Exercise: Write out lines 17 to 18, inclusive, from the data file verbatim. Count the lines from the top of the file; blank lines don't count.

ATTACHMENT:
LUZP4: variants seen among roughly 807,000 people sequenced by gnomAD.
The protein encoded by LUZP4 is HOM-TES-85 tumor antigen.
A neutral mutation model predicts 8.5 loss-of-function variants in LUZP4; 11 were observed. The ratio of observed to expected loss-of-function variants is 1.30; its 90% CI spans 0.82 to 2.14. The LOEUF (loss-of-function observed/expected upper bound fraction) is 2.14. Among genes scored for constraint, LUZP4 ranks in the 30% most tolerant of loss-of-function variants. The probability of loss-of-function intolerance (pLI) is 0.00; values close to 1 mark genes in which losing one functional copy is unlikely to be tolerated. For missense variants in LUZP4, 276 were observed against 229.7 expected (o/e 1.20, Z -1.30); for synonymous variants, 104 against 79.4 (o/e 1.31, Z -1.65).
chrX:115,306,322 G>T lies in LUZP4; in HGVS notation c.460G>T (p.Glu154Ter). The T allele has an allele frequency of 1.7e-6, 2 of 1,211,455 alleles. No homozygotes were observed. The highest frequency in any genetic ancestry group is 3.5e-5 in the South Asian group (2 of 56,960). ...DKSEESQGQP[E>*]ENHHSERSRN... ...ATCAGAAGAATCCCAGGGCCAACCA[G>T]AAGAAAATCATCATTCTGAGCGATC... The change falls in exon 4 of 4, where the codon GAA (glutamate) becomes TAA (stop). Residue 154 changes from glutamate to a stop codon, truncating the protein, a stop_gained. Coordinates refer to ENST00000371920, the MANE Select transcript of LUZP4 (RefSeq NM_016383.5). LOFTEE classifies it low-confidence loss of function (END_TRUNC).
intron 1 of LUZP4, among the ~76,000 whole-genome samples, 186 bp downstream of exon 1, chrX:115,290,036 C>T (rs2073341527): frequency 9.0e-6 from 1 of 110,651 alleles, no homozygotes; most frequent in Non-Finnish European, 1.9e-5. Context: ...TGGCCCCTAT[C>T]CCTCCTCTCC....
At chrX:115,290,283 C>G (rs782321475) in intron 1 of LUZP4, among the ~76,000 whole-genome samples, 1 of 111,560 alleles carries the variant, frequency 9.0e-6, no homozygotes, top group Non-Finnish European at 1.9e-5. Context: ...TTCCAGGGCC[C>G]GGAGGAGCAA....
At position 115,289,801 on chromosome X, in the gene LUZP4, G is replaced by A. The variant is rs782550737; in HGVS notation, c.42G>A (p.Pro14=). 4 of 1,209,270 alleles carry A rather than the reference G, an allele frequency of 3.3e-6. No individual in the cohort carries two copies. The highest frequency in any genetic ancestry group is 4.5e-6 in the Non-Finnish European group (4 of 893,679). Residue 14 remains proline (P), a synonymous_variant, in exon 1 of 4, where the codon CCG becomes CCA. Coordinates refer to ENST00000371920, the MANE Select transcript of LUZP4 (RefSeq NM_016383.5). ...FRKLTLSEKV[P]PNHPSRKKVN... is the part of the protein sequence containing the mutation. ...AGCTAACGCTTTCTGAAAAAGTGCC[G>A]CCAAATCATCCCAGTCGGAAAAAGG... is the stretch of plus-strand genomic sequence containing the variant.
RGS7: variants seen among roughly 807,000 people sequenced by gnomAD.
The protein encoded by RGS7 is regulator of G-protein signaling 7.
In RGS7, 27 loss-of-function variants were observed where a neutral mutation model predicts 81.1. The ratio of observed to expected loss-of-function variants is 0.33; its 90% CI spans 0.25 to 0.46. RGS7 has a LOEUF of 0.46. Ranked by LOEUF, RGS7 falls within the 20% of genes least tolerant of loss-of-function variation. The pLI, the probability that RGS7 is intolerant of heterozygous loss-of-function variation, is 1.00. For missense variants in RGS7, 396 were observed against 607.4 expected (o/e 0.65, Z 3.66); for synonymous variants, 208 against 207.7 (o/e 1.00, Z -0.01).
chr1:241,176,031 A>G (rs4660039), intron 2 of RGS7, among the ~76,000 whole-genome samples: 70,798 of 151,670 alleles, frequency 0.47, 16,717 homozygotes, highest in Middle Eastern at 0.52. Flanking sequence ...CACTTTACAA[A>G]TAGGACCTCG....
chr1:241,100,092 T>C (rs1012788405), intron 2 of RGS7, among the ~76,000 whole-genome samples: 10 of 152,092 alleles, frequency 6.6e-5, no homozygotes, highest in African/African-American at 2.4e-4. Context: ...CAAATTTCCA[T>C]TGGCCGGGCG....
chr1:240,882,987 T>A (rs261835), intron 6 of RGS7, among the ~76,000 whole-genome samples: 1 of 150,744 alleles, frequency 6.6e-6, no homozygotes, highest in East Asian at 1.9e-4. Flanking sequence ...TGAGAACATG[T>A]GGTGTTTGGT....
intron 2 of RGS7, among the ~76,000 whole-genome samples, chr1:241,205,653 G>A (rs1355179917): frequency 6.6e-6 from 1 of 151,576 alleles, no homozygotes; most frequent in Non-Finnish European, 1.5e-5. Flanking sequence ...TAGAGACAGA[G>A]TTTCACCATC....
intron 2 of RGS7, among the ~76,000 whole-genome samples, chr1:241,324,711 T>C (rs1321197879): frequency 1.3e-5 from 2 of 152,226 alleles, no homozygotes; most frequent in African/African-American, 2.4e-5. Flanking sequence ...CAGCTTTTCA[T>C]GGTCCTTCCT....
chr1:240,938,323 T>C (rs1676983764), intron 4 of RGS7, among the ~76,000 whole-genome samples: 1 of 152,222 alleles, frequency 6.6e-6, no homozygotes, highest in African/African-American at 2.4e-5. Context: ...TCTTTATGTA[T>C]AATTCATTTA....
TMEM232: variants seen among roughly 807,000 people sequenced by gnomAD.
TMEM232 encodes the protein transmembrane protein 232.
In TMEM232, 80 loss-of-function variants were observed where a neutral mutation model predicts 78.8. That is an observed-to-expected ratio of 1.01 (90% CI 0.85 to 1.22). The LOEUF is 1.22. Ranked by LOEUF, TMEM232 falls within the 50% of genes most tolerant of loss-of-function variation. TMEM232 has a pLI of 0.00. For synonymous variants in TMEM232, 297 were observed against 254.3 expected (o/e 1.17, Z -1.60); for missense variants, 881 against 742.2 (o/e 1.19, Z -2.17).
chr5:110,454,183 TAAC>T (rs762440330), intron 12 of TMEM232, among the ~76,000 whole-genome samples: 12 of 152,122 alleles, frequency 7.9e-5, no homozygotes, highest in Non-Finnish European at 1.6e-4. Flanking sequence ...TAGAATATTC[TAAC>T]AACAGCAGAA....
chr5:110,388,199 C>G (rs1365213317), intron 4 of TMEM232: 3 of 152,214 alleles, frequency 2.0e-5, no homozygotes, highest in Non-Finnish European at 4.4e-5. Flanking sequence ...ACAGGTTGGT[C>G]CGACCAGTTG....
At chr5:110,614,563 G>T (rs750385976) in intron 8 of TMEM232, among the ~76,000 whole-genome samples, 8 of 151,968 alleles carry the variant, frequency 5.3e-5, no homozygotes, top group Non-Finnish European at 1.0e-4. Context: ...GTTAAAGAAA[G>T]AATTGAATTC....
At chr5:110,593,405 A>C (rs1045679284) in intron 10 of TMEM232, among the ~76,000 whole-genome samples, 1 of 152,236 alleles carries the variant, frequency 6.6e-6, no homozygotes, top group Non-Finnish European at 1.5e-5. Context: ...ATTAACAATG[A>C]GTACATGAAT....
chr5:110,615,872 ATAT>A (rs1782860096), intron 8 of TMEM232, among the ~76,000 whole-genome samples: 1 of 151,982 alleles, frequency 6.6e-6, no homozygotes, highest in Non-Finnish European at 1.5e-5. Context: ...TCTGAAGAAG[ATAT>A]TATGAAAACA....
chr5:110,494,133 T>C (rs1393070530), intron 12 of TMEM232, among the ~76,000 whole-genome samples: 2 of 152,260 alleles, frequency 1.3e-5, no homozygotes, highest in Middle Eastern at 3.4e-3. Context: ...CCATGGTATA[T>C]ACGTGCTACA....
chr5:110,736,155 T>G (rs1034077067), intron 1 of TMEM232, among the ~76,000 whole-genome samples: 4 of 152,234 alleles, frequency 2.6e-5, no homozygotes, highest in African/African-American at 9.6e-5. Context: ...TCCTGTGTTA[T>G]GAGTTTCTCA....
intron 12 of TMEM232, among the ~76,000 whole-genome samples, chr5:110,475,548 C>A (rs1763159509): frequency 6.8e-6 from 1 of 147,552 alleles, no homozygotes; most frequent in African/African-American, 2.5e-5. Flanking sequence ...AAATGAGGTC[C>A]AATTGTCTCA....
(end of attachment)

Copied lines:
TMEM232: variants seen among roughly 807,000 people sequenced by gnomAD.
TMEM232 encodes the protein transmembrane protein 232.